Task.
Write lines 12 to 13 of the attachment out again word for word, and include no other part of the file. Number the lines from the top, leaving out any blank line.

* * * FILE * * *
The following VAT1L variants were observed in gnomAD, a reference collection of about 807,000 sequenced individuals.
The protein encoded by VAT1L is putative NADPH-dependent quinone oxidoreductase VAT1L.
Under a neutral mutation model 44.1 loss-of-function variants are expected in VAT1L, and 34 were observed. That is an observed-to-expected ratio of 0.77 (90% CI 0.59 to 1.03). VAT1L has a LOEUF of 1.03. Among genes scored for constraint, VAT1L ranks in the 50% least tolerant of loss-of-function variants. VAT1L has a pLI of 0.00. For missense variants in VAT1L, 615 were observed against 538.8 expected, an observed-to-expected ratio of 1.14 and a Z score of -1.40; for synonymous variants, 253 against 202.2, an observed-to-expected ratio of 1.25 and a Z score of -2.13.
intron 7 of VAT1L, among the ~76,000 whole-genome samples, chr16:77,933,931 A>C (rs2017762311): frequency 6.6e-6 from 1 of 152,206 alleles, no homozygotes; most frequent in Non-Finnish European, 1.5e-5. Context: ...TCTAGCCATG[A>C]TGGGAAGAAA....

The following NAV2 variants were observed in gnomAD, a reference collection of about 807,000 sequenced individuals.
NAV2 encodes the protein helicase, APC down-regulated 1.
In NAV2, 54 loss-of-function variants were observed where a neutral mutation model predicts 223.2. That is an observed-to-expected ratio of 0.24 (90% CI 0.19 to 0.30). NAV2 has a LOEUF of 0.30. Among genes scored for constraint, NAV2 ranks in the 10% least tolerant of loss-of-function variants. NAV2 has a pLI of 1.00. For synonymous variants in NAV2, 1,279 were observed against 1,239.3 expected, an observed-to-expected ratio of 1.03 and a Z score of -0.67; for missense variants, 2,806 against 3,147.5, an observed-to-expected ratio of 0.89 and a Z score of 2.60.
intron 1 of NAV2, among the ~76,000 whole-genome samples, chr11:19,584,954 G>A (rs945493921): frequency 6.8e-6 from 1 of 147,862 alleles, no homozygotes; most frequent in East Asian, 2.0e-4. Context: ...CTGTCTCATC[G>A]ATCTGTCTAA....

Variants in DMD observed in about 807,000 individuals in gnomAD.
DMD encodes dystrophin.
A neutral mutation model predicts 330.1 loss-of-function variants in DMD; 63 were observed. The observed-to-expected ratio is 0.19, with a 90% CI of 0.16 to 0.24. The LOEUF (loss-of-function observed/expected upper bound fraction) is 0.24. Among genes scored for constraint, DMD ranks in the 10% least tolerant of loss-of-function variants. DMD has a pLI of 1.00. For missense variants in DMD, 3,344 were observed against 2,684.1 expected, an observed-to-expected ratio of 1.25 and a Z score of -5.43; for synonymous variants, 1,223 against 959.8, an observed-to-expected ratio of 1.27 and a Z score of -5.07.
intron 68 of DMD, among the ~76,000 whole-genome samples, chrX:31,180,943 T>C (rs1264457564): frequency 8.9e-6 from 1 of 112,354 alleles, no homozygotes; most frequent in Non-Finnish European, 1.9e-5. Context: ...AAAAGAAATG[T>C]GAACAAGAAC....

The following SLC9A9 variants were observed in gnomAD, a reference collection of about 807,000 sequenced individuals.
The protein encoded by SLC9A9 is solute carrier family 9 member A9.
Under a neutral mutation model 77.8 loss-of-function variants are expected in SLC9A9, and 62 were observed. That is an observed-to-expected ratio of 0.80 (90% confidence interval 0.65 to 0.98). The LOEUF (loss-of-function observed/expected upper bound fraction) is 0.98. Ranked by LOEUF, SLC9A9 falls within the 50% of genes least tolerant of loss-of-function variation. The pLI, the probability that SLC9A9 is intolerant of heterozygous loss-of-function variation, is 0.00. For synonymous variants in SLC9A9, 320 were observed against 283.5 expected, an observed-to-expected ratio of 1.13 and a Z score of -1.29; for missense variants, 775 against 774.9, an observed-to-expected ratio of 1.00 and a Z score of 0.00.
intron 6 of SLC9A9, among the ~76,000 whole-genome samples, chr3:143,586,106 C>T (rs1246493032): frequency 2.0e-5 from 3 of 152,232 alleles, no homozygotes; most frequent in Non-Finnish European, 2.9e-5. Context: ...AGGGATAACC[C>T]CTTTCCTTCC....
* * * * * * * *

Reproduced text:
intron 68 of DMD, among the ~76,000 whole-genome samples, chrX:31,180,943 T>C (rs1264457564): frequency 8.9e-6 from 1 of 112,354 alleles, no homozygotes; most frequent in Non-Finnish European, 1.9e-5. Context: ...AAAAGAAATG[T>C]GAACAAGAAC....

The following SLC9A9 variants were observed in gnomAD, a reference collection of about 807,000 sequenced individuals.